It might not come cheap, but the Harmony One a very ambitious take on the traditional remote control, with innovative features like a large colour screen, backlit buttons and a docking station. Is it worth its weight in gold?
Handling: Feel the Quality
The Harmony One isn't too heavy and sits naturally in the palm of your hand, with the arrow keys and the buttons used to switch channels and adjust the volume all within easy reach. A docking station is provided which you can use to recharge the remote, but it's pretty bulky (bigger than the remote itself) so you'll need to find a corner of your living room to hide it in.
The buttons themselves are a treat to handle and slide gently into the body of the remote, producing a gentle click as they go, reassuring users that they've actually made contact. Backlighting means you can use the remote in the dark, and the system used here is much better than the glow-in-the-dark paint used on some earlier remotes.
We can't not mention the screen which dominates the top of the remote: it's a decent size (2.1'') but the quality isn't great. The colours might be less pale than on the earlier Harmony 700 remote, but the viewing angles are still terrible. To give you an idea of just how bad it is, it's not much of an improvement on the first mobiles with colour screens.
The screen's real advantage, though, is that it's touch-sensitive, making it a very intuitive way to interact with the remote using the four buttons around the edge of the display to navigate through the menus.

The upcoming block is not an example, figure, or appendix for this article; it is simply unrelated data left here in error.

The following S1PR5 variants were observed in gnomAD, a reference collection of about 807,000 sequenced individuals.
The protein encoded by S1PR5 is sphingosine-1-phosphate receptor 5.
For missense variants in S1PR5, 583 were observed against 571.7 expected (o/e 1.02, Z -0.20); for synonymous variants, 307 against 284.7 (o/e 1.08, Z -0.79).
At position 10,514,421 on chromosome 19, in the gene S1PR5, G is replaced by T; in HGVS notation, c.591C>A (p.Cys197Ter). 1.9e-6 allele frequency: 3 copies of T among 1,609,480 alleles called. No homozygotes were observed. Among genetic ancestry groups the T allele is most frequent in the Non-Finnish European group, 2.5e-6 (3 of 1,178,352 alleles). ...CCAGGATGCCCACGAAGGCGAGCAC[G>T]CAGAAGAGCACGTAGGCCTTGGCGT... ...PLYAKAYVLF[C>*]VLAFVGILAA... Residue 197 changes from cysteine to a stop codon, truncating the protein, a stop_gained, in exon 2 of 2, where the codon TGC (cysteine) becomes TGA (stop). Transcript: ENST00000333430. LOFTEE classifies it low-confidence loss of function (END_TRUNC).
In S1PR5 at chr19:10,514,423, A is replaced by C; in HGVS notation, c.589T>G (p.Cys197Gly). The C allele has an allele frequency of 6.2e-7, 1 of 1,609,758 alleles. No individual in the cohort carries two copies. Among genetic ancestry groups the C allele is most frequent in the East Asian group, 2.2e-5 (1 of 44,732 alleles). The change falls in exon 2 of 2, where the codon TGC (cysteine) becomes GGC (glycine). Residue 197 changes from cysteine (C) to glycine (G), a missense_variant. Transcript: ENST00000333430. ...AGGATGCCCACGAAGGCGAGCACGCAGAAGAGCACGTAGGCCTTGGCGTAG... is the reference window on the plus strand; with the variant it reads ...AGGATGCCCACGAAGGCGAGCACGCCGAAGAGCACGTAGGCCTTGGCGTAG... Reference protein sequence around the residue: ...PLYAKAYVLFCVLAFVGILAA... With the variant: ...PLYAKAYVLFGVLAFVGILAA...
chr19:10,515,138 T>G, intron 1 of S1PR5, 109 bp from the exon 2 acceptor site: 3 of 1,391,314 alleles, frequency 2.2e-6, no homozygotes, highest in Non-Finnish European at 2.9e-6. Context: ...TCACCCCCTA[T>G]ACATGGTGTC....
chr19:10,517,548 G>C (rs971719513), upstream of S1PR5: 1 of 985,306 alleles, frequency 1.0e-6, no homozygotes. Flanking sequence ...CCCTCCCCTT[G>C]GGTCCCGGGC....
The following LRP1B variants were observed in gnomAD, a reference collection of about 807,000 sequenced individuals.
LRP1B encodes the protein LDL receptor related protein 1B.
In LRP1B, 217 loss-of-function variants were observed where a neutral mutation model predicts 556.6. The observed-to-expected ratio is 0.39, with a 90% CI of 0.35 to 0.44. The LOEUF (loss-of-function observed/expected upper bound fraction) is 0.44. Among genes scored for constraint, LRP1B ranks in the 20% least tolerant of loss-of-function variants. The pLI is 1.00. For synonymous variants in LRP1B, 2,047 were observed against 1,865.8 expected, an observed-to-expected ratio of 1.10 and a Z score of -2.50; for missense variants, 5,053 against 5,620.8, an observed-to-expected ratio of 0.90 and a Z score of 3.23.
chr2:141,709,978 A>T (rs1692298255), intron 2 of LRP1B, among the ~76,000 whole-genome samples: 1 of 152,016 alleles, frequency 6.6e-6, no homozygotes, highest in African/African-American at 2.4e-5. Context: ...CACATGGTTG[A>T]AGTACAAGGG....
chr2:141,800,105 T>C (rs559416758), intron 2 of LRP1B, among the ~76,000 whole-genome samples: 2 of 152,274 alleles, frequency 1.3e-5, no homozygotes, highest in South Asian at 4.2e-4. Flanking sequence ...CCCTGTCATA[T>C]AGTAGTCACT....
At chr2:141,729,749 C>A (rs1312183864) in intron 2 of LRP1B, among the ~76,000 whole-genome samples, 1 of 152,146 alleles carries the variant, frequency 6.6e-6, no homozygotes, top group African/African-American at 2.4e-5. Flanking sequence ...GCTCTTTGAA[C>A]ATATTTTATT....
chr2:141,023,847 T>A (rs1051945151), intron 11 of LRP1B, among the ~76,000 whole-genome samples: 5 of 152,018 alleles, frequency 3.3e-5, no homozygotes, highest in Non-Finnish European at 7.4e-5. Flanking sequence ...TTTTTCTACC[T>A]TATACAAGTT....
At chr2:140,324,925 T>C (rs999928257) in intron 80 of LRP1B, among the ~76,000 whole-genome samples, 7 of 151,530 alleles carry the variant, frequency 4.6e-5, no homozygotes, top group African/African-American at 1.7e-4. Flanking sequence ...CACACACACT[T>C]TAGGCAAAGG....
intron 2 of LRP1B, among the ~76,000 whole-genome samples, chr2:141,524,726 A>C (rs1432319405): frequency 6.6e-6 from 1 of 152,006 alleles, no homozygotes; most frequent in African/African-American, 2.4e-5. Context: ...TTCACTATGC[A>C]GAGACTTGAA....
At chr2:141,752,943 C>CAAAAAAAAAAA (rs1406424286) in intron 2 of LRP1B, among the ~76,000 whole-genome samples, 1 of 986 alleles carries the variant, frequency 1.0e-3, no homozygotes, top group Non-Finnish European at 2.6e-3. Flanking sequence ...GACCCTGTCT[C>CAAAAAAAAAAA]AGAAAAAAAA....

Finally, in a very smart move, Logitech has also added a motion sensor which switches on the screen and the backlighting as soon as you pick the remote up.
Settings: Simple or Sophisticated
You need to set the remote up using a tool that install on a Windows or Mac computer, and are guided through the basic settings by answering a series of questions. Users first identify their other hardware from amongst a huge database, which impressively even included our media centre, and then choose a range of activities (see inset).
After that, you can tweak the settings yourself. If your TV isn't listed, for instance, you can set it up manually. You can also adjust the sensitivity of the buttons and how long they take to respond. That's a real advance over the competition because it means that you can get a grip on very sensitive devices.
- Easy to set up, either automatically for a huge range of products or manually
- Sensitivty and responsiveness of buttons can be controlled
- Activity-based macros
- Touchscreen makes it easy to use advanced features
- Backlit buttons
- Poor quality display
- Doesn't work with RF devices
The Logitech Harmony One's touchscreen display is there for a reason: it makes it easy to find your favourite channels and to use more advanced features. All that's missing is support for RF remotes used by some TVs and this remote would be absolutely perfect!